Week 2, Play 2: "Topdog/Underdog" - Jan. 8-14

I must admit that this was a reread, but I will defend myself thus: the play was sadly faded in my memory, and it seemed appropriate, given Parks's current project of a year of 365 dramas, to include her work at the beginning of my challenge. I enjoyed this one so much that it might persuade me to return to more of her earlier work (even more sadly faded in my remembrance) later in the year.

"Topdog/Underdog" is about the struggle for power in a fraught binary of brotherhood: Lincoln is staying with his younger brother Booth (their father had a sense of humor) while he struggles to make a living as a Lincoln impersonator at a fairground. It is a play about identity: what does it mean to "impersonate" Lincoln if you ARE Lincoln? History lurks fatalistically at the edges of the stage - do their names link the brothers together forever in a Cain and Abel struggle? Do we all just replay the fratricidal violence of the past eternally? Does national history overlap, eventually becoming coterminous, with family memories? Is all drama a reworking of Oedipus, a familial tangle that reveals itself as a Gordian knot? (What happened to Lincoln and Booth's parents, who both disappeared suddenly, their mother explaining her departure only to Booth and their father to Lincoln - they say - and each leaving a wad of money as an "inheritance.")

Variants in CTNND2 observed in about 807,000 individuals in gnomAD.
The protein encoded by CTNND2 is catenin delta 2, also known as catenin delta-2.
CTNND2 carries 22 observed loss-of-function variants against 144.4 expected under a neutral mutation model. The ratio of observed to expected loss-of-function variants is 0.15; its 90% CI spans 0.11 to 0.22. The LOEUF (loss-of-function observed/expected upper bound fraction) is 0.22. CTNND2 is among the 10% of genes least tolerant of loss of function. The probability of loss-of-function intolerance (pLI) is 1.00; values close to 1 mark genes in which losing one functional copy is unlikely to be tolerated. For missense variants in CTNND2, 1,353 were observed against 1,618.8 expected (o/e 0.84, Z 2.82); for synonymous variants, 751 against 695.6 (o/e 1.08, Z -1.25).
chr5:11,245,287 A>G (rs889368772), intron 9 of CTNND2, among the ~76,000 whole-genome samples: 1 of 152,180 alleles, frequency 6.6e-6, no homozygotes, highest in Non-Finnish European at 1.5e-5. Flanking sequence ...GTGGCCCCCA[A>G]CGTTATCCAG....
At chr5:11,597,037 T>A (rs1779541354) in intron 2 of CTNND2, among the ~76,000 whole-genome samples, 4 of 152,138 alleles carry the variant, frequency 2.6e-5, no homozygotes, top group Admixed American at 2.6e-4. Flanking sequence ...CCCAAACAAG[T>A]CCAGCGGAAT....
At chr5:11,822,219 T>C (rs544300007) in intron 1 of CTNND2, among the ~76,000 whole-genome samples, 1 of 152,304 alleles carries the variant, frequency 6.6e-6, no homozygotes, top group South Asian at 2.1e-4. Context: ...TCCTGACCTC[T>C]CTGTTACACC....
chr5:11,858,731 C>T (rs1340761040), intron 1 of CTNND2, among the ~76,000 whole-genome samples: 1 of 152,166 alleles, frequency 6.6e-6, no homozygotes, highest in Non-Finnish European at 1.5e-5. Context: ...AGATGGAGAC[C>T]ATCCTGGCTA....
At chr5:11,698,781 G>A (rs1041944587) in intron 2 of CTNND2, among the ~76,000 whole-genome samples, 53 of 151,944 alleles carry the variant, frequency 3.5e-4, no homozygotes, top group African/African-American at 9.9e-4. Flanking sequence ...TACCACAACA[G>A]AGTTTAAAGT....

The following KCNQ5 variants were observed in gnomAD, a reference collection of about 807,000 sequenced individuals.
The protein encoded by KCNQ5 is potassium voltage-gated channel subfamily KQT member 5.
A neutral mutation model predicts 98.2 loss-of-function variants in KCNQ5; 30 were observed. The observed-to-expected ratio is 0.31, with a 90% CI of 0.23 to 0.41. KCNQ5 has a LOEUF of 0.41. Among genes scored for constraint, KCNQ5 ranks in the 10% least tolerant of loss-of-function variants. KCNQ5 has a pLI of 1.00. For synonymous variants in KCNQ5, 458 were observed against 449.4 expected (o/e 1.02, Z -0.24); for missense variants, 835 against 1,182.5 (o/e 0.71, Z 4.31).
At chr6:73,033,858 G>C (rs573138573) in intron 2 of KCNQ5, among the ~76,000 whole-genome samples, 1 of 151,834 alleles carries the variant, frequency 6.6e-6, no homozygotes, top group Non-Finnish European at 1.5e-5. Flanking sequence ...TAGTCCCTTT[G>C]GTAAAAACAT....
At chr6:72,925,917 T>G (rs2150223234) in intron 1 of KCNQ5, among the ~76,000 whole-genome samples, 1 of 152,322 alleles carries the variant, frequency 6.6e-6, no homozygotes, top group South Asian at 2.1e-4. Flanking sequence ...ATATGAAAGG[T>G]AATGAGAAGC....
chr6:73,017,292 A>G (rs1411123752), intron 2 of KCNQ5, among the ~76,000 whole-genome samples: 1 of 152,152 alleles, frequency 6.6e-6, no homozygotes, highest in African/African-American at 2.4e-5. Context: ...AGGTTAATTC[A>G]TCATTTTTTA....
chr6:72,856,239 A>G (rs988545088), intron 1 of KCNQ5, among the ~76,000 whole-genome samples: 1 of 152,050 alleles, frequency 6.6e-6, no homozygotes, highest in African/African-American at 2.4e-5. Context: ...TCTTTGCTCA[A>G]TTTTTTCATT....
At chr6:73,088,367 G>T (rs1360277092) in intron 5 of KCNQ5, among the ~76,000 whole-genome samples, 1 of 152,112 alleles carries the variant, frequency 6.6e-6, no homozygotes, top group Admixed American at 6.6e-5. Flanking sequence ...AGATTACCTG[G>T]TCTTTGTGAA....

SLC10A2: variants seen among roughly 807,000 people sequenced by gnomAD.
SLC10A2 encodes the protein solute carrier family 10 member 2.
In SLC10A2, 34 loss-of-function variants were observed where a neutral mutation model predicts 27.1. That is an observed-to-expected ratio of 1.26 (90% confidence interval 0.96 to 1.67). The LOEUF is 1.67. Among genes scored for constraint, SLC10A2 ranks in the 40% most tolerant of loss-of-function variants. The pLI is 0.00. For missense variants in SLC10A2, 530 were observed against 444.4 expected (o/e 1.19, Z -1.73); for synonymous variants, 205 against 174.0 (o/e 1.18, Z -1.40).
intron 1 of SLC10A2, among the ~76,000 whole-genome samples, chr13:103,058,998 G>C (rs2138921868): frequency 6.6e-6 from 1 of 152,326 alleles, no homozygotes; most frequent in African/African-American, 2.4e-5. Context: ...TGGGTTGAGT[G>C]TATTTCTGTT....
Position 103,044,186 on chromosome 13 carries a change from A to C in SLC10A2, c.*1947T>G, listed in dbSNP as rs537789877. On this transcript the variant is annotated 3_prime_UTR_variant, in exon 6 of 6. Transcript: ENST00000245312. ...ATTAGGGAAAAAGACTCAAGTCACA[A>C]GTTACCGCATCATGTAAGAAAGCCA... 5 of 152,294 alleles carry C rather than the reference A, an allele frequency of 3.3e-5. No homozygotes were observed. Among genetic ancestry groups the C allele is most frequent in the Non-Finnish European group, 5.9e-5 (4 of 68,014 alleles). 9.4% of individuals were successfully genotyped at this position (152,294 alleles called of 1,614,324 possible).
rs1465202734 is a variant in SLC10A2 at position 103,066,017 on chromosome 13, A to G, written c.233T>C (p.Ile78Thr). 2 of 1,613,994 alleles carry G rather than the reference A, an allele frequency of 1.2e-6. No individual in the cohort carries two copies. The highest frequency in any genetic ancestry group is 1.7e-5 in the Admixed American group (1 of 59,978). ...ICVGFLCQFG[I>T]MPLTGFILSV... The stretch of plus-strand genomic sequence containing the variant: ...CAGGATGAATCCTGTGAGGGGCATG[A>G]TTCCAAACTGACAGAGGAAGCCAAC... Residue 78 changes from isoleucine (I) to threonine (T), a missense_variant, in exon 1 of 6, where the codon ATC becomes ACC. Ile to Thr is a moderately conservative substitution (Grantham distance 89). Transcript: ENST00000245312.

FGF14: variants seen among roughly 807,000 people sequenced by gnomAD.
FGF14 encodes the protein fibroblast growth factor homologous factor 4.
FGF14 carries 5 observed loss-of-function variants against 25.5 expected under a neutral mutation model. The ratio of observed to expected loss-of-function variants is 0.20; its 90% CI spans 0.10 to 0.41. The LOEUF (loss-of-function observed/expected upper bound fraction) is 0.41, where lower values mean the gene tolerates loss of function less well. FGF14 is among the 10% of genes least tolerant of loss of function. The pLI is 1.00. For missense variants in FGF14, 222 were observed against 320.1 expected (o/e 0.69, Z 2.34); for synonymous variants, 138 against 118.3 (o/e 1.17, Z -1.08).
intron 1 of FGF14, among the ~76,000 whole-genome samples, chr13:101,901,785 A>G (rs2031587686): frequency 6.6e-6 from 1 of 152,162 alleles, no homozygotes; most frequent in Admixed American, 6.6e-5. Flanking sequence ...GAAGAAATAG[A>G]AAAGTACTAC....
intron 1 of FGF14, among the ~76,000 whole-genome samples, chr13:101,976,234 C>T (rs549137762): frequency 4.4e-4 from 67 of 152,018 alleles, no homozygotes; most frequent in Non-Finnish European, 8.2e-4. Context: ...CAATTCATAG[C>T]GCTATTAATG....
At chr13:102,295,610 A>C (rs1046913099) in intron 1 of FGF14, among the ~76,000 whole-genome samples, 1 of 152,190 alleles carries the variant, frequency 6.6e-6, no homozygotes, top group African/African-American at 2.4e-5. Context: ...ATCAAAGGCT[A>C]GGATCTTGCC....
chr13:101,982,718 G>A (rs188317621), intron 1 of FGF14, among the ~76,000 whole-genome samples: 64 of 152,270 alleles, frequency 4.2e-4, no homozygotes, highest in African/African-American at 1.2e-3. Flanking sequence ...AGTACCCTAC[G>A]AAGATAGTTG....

Despite these grand themes, the beauty of the play is often in its details, as in Lincoln's luminous, brutal description of the people who pay money to shoot him at the fairground, inhabiting a moment of pure rebellion and violence with inevitable racial implications (not least because Lincoln, wearing whiteface, is payed less money than his white counterparts to play the former president). What motivates these pseudo-murderers, ersatz assassins?

"Winter or summer thuh gun is always cold. And when the gun touches me he can feel that Im warm and he knows Im alive. And if Im alive then he can shoot me dead. And for a minute, with him hanging back there behind me, its real. Me looking up at him upside down and him looking at me looking like Lincoln. Then he shoots.
I slump down and close my eyes. And he goes out thuh other way. More come in. Uh whole day full. Bunches of kids, little good for nothings, in they school uniforms. Businessmen smelling like two for one martinis. Tourists in they theme park t-shirts trying to catch it on film. Housewives with they mouths closed tight, shooting more than once."

Suzan-Lori Parks

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